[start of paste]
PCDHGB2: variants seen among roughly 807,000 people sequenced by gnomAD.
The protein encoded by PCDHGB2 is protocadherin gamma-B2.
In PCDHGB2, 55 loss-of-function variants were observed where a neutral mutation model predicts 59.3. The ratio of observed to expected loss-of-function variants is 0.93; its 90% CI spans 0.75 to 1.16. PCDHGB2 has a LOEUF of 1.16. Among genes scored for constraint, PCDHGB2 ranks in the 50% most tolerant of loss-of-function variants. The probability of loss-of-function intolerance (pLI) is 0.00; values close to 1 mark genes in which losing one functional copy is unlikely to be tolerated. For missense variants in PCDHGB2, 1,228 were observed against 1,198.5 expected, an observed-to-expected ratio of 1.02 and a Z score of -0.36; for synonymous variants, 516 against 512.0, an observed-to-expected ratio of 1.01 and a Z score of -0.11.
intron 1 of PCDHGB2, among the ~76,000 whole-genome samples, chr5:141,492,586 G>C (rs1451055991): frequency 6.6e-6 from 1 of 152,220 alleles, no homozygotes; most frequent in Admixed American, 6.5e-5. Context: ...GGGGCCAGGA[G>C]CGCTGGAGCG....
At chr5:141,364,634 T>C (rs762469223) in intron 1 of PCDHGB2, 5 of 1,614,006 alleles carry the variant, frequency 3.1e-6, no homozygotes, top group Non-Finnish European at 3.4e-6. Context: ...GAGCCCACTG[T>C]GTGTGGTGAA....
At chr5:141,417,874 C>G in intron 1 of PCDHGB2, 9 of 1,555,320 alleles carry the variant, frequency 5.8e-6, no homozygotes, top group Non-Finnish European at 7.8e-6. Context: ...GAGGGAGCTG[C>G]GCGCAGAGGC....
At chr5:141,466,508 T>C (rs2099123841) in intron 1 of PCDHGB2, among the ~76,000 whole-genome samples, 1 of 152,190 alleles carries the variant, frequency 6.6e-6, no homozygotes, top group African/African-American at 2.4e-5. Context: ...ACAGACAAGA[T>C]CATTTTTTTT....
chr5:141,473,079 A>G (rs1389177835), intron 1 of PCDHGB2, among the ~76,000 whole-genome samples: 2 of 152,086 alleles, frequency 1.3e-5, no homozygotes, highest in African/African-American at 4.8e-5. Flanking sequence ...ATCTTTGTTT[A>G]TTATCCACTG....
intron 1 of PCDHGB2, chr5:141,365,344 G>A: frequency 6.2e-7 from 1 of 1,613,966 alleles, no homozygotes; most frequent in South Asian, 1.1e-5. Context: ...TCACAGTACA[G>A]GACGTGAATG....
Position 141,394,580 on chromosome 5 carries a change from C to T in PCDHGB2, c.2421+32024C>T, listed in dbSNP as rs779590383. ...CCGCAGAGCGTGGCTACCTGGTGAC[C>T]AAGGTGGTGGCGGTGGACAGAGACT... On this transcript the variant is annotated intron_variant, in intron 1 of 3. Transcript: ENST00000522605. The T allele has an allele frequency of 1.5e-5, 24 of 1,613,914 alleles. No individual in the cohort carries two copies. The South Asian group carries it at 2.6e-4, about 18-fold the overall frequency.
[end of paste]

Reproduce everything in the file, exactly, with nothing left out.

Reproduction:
PCDHGB2: variants seen among roughly 807,000 people sequenced by gnomAD.
The protein encoded by PCDHGB2 is protocadherin gamma-B2.
In PCDHGB2, 55 loss-of-function variants were observed where a neutral mutation model predicts 59.3. The ratio of observed to expected loss-of-function variants is 0.93; its 90% CI spans 0.75 to 1.16. PCDHGB2 has a LOEUF of 1.16. Among genes scored for constraint, PCDHGB2 ranks in the 50% most tolerant of loss-of-function variants. The probability of loss-of-function intolerance (pLI) is 0.00; values close to 1 mark genes in which losing one functional copy is unlikely to be tolerated. For missense variants in PCDHGB2, 1,228 were observed against 1,198.5 expected, an observed-to-expected ratio of 1.02 and a Z score of -0.36; for synonymous variants, 516 against 512.0, an observed-to-expected ratio of 1.01 and a Z score of -0.11.
intron 1 of PCDHGB2, among the ~76,000 whole-genome samples, chr5:141,492,586 G>C (rs1451055991): frequency 6.6e-6 from 1 of 152,220 alleles, no homozygotes; most frequent in Admixed American, 6.5e-5. Context: ...GGGGCCAGGA[G>C]CGCTGGAGCG....
At chr5:141,364,634 T>C (rs762469223) in intron 1 of PCDHGB2, 5 of 1,614,006 alleles carry the variant, frequency 3.1e-6, no homozygotes, top group Non-Finnish European at 3.4e-6. Context: ...GAGCCCACTG[T>C]GTGTGGTGAA....
At chr5:141,417,874 C>G in intron 1 of PCDHGB2, 9 of 1,555,320 alleles carry the variant, frequency 5.8e-6, no homozygotes, top group Non-Finnish European at 7.8e-6. Context: ...GAGGGAGCTG[C>G]GCGCAGAGGC....
At chr5:141,466,508 T>C (rs2099123841) in intron 1 of PCDHGB2, among the ~76,000 whole-genome samples, 1 of 152,190 alleles carries the variant, frequency 6.6e-6, no homozygotes, top group African/African-American at 2.4e-5. Context: ...ACAGACAAGA[T>C]CATTTTTTTT....
chr5:141,473,079 A>G (rs1389177835), intron 1 of PCDHGB2, among the ~76,000 whole-genome samples: 2 of 152,086 alleles, frequency 1.3e-5, no homozygotes, highest in African/African-American at 4.8e-5. Flanking sequence ...ATCTTTGTTT[A>G]TTATCCACTG....
intron 1 of PCDHGB2, chr5:141,365,344 G>A: frequency 6.2e-7 from 1 of 1,613,966 alleles, no homozygotes; most frequent in South Asian, 1.1e-5. Context: ...TCACAGTACA[G>A]GACGTGAATG....
Position 141,394,580 on chromosome 5 carries a change from C to T in PCDHGB2, c.2421+32024C>T, listed in dbSNP as rs779590383. ...CCGCAGAGCGTGGCTACCTGGTGAC[C>T]AAGGTGGTGGCGGTGGACAGAGACT... On this transcript the variant is annotated intron_variant, in intron 1 of 3. Transcript: ENST00000522605. The T allele has an allele frequency of 1.5e-5, 24 of 1,613,914 alleles. No individual in the cohort carries two copies. The South Asian group carries it at 2.6e-4, about 18-fold the overall frequency.